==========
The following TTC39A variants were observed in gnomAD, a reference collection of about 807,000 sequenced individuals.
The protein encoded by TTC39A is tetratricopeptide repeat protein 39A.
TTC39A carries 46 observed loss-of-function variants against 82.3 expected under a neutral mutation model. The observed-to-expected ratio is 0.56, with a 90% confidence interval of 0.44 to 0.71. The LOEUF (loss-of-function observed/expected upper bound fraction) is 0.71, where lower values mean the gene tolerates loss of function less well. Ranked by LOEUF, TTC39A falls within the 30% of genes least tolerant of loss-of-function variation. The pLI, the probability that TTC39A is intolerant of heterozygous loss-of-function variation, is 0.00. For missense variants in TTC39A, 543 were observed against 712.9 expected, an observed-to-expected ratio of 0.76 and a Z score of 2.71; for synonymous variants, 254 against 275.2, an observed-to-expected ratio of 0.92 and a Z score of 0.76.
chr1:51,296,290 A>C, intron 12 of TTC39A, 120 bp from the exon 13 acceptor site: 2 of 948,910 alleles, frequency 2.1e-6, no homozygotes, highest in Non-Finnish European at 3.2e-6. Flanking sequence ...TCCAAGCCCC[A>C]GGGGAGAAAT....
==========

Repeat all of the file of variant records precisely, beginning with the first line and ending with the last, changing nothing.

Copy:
The following TTC39A variants were observed in gnomAD, a reference collection of about 807,000 sequenced individuals.
The protein encoded by TTC39A is tetratricopeptide repeat protein 39A.
TTC39A carries 46 observed loss-of-function variants against 82.3 expected under a neutral mutation model. The observed-to-expected ratio is 0.56, with a 90% confidence interval of 0.44 to 0.71. The LOEUF (loss-of-function observed/expected upper bound fraction) is 0.71, where lower values mean the gene tolerates loss of function less well. Ranked by LOEUF, TTC39A falls within the 30% of genes least tolerant of loss-of-function variation. The pLI, the probability that TTC39A is intolerant of heterozygous loss-of-function variation, is 0.00. For missense variants in TTC39A, 543 were observed against 712.9 expected, an observed-to-expected ratio of 0.76 and a Z score of 2.71; for synonymous variants, 254 against 275.2, an observed-to-expected ratio of 0.92 and a Z score of 0.76.
chr1:51,296,290 A>C, intron 12 of TTC39A, 120 bp from the exon 13 acceptor site: 2 of 948,910 alleles, frequency 2.1e-6, no homozygotes, highest in Non-Finnish European at 3.2e-6. Flanking sequence ...TCCAAGCCCC[A>C]GGGGAGAAAT....